INFP – Do You Identify?

Nancy, I really appreciated your article about the intensity of INFs. I admit, as I began reading the article I was a little skeptical of your classifying INFPs as having the same degree of intensity as INFJs. My sister is an INFJ and growing up I always saw her as the most individual, opinionated, and intense person I knew. Me, I wasn’t intense, I was ‘helpful.’’

Being an INFP, my existence has always been based making those around me happy. Growing up I was always the peace-maker/mediator/interpreter in the family. My sister used to jokingly refer to me as the ‘multi-continent plug adapter’ (as well as calling me ‘mother’ in the most spiteful voice she could). I couldn’t help it, I was the happiest and most comfortable when the waters were still and everyone around me was happy. But growing up I retained a convoluted view ‘normal.’

Though neither of my parents intended to give me such an idea, I somehow came under the impression that being an introvert was not a good thing. Based on too little information, and the tone and connotations of the words they would use I somehow believed that every person was extroverted and that introversion was a voluntary-and quite selfish-form of behavior. Though my mother (who somehow seems to be on the borderline of extrovert and introvert) tried very hard to understand each of us and our individuality, I can remember being admonished to ‘go make some friends.’ I often heard things like ‘hang out with people your own age’ and ‘don’t be afraid to speak up.’ Instead I resisted initiating contact, avoided confrontation, and stayed in corners with my library book while the noisy kids I was supposed to get along with (we were the same age after all, why not?) ran around and played stupid games where someone won and someone lost. The conclusion drawn from my behavior was that I was ‘anti-social,’ possible because I was very fearful. And of course knowing that people thought such a thing -to them an unhappy and concerning thing- I further withdrew my true self inside and, without even realizing it, slowly became everything to everyone.

To make a long story short, after several years of striving to keep peace, being the perfect kid who did everything right, and working a very extroverted job in a highly energetic atmosphere (I can actually make myself a very good extrovert, provided I feel I have the upper hand) full-time in the beginning of college, I crashed-big time. The past couple of years I have been struggling with health issues, mainly muscle weakness and a lack of energy, and possibly have an autoimmune disease (all the signs point to Addison’s). After reading most of your articles about introverts I am not surprised. I have never been the kid who shut the door or asked to be left alone. And I had terrible self-esteem.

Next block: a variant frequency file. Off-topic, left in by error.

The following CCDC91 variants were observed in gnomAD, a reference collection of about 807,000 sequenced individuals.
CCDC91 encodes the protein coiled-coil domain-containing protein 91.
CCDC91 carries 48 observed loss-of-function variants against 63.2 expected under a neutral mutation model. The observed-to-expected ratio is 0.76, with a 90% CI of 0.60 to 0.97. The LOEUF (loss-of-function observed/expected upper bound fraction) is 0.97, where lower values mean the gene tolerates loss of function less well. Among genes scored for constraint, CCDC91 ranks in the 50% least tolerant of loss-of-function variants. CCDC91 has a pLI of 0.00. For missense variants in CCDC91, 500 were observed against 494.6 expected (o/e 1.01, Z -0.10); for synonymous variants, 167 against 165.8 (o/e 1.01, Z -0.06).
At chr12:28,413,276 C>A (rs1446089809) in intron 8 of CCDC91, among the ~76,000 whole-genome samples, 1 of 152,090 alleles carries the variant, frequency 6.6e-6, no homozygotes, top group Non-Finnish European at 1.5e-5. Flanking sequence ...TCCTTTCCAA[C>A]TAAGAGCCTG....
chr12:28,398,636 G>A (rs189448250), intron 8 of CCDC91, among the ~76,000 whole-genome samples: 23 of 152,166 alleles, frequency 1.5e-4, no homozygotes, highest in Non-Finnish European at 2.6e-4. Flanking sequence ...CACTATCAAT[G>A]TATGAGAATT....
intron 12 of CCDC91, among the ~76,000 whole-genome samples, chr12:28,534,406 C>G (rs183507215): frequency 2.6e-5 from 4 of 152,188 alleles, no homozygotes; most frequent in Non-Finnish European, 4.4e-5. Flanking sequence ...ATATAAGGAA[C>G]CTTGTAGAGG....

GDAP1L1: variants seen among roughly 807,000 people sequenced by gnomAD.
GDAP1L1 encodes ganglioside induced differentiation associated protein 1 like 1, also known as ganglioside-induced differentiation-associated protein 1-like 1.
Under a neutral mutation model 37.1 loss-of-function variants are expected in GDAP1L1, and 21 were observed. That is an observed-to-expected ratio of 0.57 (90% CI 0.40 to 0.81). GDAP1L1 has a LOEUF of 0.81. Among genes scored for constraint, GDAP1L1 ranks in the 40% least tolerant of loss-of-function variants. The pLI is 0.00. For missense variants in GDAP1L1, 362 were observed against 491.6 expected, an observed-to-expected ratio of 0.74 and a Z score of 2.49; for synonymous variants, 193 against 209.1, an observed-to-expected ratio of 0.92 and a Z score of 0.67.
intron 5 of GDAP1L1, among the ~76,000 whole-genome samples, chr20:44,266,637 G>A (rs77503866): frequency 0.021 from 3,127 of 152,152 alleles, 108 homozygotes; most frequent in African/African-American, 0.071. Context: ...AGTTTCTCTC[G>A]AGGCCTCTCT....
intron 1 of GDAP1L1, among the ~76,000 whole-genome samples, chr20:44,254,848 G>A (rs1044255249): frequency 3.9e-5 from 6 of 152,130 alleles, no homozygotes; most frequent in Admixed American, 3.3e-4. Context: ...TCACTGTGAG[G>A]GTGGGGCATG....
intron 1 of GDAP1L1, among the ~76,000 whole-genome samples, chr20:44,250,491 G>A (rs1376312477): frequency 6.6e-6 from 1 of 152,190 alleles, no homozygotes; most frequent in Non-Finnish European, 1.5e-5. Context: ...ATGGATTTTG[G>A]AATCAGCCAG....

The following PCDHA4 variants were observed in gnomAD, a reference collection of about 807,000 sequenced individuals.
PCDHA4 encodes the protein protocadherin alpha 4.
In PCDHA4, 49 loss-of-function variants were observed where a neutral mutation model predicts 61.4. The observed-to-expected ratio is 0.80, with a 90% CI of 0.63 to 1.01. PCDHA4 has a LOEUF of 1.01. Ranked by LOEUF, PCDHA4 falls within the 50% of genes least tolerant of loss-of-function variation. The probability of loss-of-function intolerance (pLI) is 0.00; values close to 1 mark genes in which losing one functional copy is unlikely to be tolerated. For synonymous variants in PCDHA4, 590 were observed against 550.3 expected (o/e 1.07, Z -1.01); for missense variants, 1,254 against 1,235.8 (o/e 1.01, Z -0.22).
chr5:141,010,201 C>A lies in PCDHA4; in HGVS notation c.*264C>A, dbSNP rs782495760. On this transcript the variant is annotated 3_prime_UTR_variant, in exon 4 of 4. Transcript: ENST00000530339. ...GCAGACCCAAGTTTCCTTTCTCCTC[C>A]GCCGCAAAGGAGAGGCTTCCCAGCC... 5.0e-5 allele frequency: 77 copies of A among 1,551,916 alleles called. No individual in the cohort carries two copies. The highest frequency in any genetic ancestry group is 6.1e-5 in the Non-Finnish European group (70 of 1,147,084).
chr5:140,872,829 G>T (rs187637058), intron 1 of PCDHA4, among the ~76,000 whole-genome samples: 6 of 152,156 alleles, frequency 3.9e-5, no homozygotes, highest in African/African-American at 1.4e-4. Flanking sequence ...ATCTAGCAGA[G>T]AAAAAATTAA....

But in a way this illness has been a gift. I have had a good deal of alone-time in the past couple of years, something I never sought out before. The effect has been amazing. I’m discovering that there is a lot about me that I never acknowledged, explored, or even knew about. And more than that, I’m coming to a place where I actually like it all. I’m fascinated and enthralled by who I am. And believe me, that has never happened before. But back to your assertions about intensity.

I’ve never thought of myself as being intense because I was always the calm, quiet one. My sister, the INFJ, never pretended to be anything but herself (despite much opposition), which made her intensity visible. And I was always under the impression that the only ‘you’ that counted was the visible ‘you.’ But suddenly I’m discovering that the inside of me is deep -very, very deep. And that it is a good thing, even an amazing thing. My intensity is there; I think, I see, I imagine, I feel -god, how I feel- it’s just way down, deep inside. It isn’t flashy or colorful or eye-catching. It is quiet, it is profound, it carefully slips in the back door, latches on, and never lets go. Yes, I am very intense.

I hadn’t fully formulated my thoughts when I decided to write this so I had no idea I’d end up spilling quite so much. I apologize for the length. It seems that once I find someone who at least semi-understands me (and of course views it all in a positive light) I tend to forget when to stop. 😛 Thanks so much for your website, it has been invaluable.

-J (female, age 22)

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~ by nancyfenn on July 10, 2008.

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